The Comox Valley Hospice Society was recently honoured with the Dr. Michael Downing Research Award at the BC Hospice Palliative Care Association annual conference.
The society collaborated with the Comox Valley End of Life Resource Team — a group of care providers working to enhance care in the community — with a mission to assess the awareness and status of hospice palliative care for people in the Valley. The group conducted two Internet surveys — one for the public and one for health-care professionals — along with another targeted to physicians. Results validated concerns highlighting gaps in access and care.
Bottom line: Where you live should not determine the quality of end-of-life care one receives.
“I think we’re all concerned that everyone across the province has equal access to end-of-life care,” CVHS executive director Terri Odeneal said. “That means looking at every community and making sure that appropriate resources are in place.”
The society has been providing care to those who are palliative and bereaved for nearly three decades. Support from individuals and businesses has been essential to making these services possible.
“It’s one of those that, by its very nature, needs to be delivered close to home,” Odeneal said. “When someone is in their last weeks, it’s only appropriate that they have their family and loved ones around them. And certainly hospice works very hard to support people who are dying in their homes. It just becomes a matter of when people reach a certain stage, oftentimes they just can’t be supported at home.”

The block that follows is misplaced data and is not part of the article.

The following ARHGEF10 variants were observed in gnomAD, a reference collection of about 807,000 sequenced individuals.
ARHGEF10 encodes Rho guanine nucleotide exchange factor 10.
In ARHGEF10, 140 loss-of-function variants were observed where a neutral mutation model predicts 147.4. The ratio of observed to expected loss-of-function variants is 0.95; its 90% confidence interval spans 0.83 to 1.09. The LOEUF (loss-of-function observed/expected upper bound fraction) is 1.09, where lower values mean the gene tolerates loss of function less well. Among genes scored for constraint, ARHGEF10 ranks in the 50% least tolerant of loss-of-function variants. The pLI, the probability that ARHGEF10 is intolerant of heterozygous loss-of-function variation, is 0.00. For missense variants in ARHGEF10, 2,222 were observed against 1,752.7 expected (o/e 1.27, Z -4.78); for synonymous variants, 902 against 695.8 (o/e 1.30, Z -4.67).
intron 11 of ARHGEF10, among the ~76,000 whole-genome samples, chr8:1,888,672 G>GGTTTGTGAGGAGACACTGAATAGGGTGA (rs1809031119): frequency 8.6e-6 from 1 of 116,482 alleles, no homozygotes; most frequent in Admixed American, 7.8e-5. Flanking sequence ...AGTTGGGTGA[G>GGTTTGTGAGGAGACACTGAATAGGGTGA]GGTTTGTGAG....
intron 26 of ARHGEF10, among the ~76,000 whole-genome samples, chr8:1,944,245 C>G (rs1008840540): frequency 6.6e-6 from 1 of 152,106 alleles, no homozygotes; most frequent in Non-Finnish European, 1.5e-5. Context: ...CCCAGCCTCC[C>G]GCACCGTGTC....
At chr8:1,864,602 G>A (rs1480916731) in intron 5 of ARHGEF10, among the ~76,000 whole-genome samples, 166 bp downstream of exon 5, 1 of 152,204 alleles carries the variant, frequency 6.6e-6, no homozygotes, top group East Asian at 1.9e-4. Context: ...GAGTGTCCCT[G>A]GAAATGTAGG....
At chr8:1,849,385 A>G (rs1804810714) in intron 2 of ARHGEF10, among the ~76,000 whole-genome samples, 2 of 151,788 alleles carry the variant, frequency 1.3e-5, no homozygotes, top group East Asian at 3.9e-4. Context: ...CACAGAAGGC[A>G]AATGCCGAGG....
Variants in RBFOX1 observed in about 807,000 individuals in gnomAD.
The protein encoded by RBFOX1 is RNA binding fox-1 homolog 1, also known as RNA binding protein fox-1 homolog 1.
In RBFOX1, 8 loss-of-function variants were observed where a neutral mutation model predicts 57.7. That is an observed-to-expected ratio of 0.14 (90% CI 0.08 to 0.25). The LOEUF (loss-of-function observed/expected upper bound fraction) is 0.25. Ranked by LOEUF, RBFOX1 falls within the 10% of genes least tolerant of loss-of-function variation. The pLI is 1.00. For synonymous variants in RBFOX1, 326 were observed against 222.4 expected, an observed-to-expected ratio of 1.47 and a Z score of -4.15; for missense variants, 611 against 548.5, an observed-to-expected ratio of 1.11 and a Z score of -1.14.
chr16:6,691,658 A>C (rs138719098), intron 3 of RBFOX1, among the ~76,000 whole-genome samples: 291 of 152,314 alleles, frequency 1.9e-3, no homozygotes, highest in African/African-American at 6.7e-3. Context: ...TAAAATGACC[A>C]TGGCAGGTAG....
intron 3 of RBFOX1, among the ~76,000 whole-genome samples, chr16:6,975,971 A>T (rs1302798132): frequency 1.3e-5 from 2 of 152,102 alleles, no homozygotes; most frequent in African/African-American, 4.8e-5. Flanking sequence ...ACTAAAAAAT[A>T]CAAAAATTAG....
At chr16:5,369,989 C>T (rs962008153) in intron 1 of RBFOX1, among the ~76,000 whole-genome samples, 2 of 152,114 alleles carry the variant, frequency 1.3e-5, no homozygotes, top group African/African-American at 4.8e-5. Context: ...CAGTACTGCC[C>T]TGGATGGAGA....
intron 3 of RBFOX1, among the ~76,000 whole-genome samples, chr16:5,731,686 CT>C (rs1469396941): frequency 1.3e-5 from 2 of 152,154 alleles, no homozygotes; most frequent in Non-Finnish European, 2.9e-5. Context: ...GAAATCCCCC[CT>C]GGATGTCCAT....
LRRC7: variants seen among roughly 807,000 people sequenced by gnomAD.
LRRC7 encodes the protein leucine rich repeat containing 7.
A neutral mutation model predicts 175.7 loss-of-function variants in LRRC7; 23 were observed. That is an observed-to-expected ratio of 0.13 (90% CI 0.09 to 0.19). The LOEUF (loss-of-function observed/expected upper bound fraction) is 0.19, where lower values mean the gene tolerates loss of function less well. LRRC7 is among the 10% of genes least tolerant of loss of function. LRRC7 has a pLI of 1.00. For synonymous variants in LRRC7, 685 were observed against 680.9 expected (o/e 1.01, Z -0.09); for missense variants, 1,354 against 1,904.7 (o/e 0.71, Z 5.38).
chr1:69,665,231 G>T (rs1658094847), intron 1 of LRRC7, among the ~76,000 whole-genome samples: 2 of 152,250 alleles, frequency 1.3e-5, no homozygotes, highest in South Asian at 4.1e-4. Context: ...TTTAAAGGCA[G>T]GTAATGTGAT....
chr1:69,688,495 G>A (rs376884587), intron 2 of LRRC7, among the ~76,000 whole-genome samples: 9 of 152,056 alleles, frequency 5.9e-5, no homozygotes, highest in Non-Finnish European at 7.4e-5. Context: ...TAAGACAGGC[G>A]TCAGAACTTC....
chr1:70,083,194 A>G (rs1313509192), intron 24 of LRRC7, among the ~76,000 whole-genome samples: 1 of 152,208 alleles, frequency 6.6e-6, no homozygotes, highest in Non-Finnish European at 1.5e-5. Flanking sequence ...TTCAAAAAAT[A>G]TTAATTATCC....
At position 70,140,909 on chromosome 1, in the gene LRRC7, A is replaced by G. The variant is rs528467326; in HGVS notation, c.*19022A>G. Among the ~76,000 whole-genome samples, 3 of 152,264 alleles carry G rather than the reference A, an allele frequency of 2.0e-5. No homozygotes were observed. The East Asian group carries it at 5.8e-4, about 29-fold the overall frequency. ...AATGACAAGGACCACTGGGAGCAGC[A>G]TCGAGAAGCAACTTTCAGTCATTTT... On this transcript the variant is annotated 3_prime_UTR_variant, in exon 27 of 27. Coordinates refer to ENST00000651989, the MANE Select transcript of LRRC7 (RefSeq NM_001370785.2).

There are no designated hospice palliative care beds in the Valley. Home and Community Care provides four hours of daily support for people still living at home.
“That places a tremendous responsibility on family and friends to cover the other 20 hours a day,” Odeneal said. “There’s really no alternative but for folks to go into acute care, which really is not an appropriate setting.”
Last September marked a change to the laws surrounding advanced care directives. A new package came out for advanced care planning, a process whereby a person designates a health-care decision maker in the event her or she cannot act on their own behalf. The society is working with its volunteers to engage residents to learn about advanced care directives, and how that can be part of the planning process.
“Oftentimes families have a hard time making those decisions. So that’s starting the discussion,” Odeneal said.
Hospice provides volunteers at homes, hospitals and long-term care facilities. With just 3.5 FTEs, the society functions almost entirely with the help of almost 150 volunteers.
“This is an incredible community in terms of its desire to make the community a better place to live, and what people are willing to give,” Odeneal said, noting the society does not receive core funding from the health authority. “We are always raising funds.”
Hot Chocolates has partnered with the society to produce chocolate bars. Boxes of 24 bars are available by calling the society at 250-339-5533, or can be individually purchased for a $5 donation.
Last week, the comedy/musical team of Kenny Shaw and Brian Temple raised about $500 for hospice in a performance at the 1st Tuesday Fundraiser at the Mex Pub.
In addition, a portion of sales from artist Bev Byerley’s show which ended Wednesday at Whyte’s Framing & Gallery will benefit the society.
Another fundraiser — Solstice in the Sky Garden — is scheduled for Thursday evening at the Berwick Rooftop Garden & Lounge in Comox. It is sold out.
“Diversity is the name of the game,” Odeneal said. “We’re very fortunate to have so many different businesses and individuals who are willing to take the time and energy to support the work that we do here in the community. It’s really amazing the creativity that comes together for us.”